Wednesday, September 17, 2008

Before Shrinking Crowds, Carson & Barnes Sparkles, then Glimmers Like a Fading Universe

Circus Review: Carson & Barnes
Cow Palace upper parking lot
San Francisco, September 12, 4:30 p.m.
Seats: $27.00 top
Rides: $6.00 top (elephant)

The wonder of Carson & Barnes Circus is that at its best, it is as good as Ringling once was. If only its best could last beyond the first four or five compelling displays. After that, sadly, a very promising show slides downward into a paceless hodgepodge — weaker and fewer acts, disruptive concession activities and woefully amateurish clowning.

A thrilling non-stop stream of early action (worth 3-1/2 stars) had the audience ooing and ahhing with shared delight — from festive opening splash “Be A Clown!” through three-ring displays of charming dogs and ponies, inventive contortionists and aerialists, and even a hula hoop exhibition of arresting variety and climactic punch that had me on its side. Without a program magazine for sale, these talented performers will remain nameless. Nor are the shrill announcements of an overbearing ringmaster through a muddled sound system of much help.

Trouble enters the tent with the old Peterson Peanut pitch, which looked nothing short of desperate. What price a few bucks of extra revenue? And when the carnival came to town at intermission time, ironically, the pony and elephant rides and the painted clown faces for sale would be the last time when all three rings were simultaneously in motion.

I studied the blank questioning look on the face of a man in a box seat gazing at the pony ride, and I wondered if he was thinking what I was. After intermission, he and his kids did not return (at least not to their original seats), nor did nearly half of those, mostly adults, who had occupied the two rows of VIP chairs. In the preferred seating section where I sat, there was but me and maybe a couple dozen other souls. In the entire tent, two- to three-hundred gratefully engaged customers. So lonely. So sad. In fact, the changing scene from first to second half epitomized what is happening to our circuses these bleak days: less people returned, and the performance itself went from three rings of action down to one. Even in the morning during set up (what a joy it was to watch these sunny Mexicans going about their work, so intricately organized), I did not spot a single soul who might have been another circus fan. Are they, too, disappearing?

To be fair, Carson and Barnes had more than those first five or six displays to offer the public: a nicely staged aerial ballet; wining Wheel of Destiny routine; and a lovable trio of nimble footed-pachyderms working the center ring in a sprightly fashion. Four stars to these show-stealing pros! There is also a colorful patriotic spec that likely plays better in red states. It only lacks a stronger payoff. Costumes here and elsewhere are usually excellent (C&B have raised their own standards), as is the lighting. Taped music is generally appropriate.

After the show, I overheard kids laughing and giggling, one of them telling his dad, “That was fun! Let’s go back!” How should such a remark impact on a “review”? My best guess is that, to survive, circuses must impress adults too. Showmanship makes a critical difference.

This troupe did its level best to entertain us in a worn out format that needs drastic rethinking. The animals on display looked well tended to, healthy and friendly. To be clear, I do not advocate eliminating the midway itself, which is the proper place for what should never desecrate a sawdust ring. For any struggling circus owner out there seeking answers, here is a hopefully helpful observation: When I have gone to Big Apple Circus or UniverSoul Circus or Cirque du Soleil, I did not see the rings ever cluttered with carnivals during intermission, or performances stopped for commercials. And at those circuses, at least on the few times that I’ve attended, the seats were nearly full.

Carson and Barnes has always been a gamble. Sometimes the late Dory Miller delivered very well. This time around — or was I dreaming? – it was pure heaven for fifteen or 20 minutes under the big top as the show moved briskly forward with the assurance, pacing, and high spirits of yesteryears’s greatest three ringers. If only Barbara and Gary Byrd could teach themselves how to hold that bright and shining vision all the way through straight right to the end. Is that too much to ask?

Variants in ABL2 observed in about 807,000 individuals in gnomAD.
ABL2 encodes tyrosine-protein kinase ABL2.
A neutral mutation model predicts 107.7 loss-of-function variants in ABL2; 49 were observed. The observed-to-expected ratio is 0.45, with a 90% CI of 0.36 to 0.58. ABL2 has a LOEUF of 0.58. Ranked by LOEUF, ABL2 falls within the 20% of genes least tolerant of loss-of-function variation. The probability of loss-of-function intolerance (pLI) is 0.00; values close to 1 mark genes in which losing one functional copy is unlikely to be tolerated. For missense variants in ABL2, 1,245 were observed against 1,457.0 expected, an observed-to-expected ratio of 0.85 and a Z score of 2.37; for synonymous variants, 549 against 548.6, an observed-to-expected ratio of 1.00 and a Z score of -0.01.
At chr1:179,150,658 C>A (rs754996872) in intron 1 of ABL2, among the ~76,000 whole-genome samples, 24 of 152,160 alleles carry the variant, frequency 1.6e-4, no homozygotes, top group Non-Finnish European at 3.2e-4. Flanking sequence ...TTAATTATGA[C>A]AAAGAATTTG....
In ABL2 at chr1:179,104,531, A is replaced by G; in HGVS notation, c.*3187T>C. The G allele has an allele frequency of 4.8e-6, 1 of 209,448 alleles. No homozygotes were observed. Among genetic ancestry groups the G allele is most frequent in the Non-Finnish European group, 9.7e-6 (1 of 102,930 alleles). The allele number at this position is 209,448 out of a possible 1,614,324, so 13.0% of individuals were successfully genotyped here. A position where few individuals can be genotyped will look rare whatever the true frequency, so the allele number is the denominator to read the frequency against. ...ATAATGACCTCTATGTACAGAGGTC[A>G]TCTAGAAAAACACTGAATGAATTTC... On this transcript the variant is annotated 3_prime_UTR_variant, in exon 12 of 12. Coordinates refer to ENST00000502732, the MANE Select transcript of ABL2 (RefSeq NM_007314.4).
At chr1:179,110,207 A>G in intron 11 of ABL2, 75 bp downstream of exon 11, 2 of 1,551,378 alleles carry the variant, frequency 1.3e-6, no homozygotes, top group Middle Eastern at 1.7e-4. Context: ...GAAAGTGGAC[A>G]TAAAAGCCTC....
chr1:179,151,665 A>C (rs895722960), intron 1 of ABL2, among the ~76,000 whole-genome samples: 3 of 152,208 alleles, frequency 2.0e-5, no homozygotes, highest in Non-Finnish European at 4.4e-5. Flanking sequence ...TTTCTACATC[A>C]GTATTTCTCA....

Overall rating: * *

[Due soon: Unseen Stars of the Big Top: Photos of set up]


Amy Shmamy said...

Do you know of any circuses other than Ringling that tour up north here in Washington?

Showbiz David said...

Amy, Carson & Barnes, I think, played some dates up in Washington recently before coming down to the bay area. C&B only plays the west coast at the most every other year. Not many other shows that I know of. Possibly some Shrine Circus dates in the larger cities. By the way, you asked about Paul Pugh's long-lasting Wenatche Youth Circus, in operation since 1952. Sounds like a marvelous opportunity for the youth. I do hope to see it some time. You might have to go on tour if you want to see more shows!

Amy Shmamy said...

I have seen the Youth Circus I think 3 times. For some reason they were always up at Roche Harbour when I would be up there with my folks on our boat during vacation. Just pulled up a seat on the lawn and watched. Nothing spectacular, but amazing performances for their ages. The one problem I noticed in the show, was there really was no direction. Acts came out, performed then left. Same music, no transitions, which eventually for me let my mind wander to other things. (i think I have ADD since I cant seem to complete anything.)
I hope you can come up and see it sometime too. It is an experience and I wish more places offered programs like this.

Wade G. Burck said...

Show Biz,
Your review of C & B was almost apologetic at times, as if you hated to point out the short comings. If a valid opinion/review is to be accepted factoring in friendships or who is nice and who is not doesn't do it real justice.
Just as poor acts are held up as great, because of the "cute and charming" factor it may give the wrong impression of what something factually is.
Wade Burck

Showbiz David said...

Wade, since you seem to believe that C&B "friendships" or "who is nice and who is not nice" have influenced my review, I should point out that during my entire day on the Carson and Barnes lot, I spoke with nobody other than a few of the guys on the tent crew about some technical aspects of their work, and to a woman at the ticket window who sold me a $26.00 ticket. In fact, I interviewed Barbara Byrd, by phone, in 2005 for my book "Fall of the Big Top," and she subsequently refused to sign a form allowing me to quote her directly, which she had every right to do.

Now as for my terming certain acts "cute," although I did not use that word, it does apply to the delightful elephant routine, which I enjoyed about as much as the one I saw on Ringling's Bellobration. (I loved the way they curtsy at the end.) These things are in the eye of the beholder.

I would welcome your sharing with us your own specific reactions, pro or con, to the acts ...

Wade G. Burck said...

Show Biz,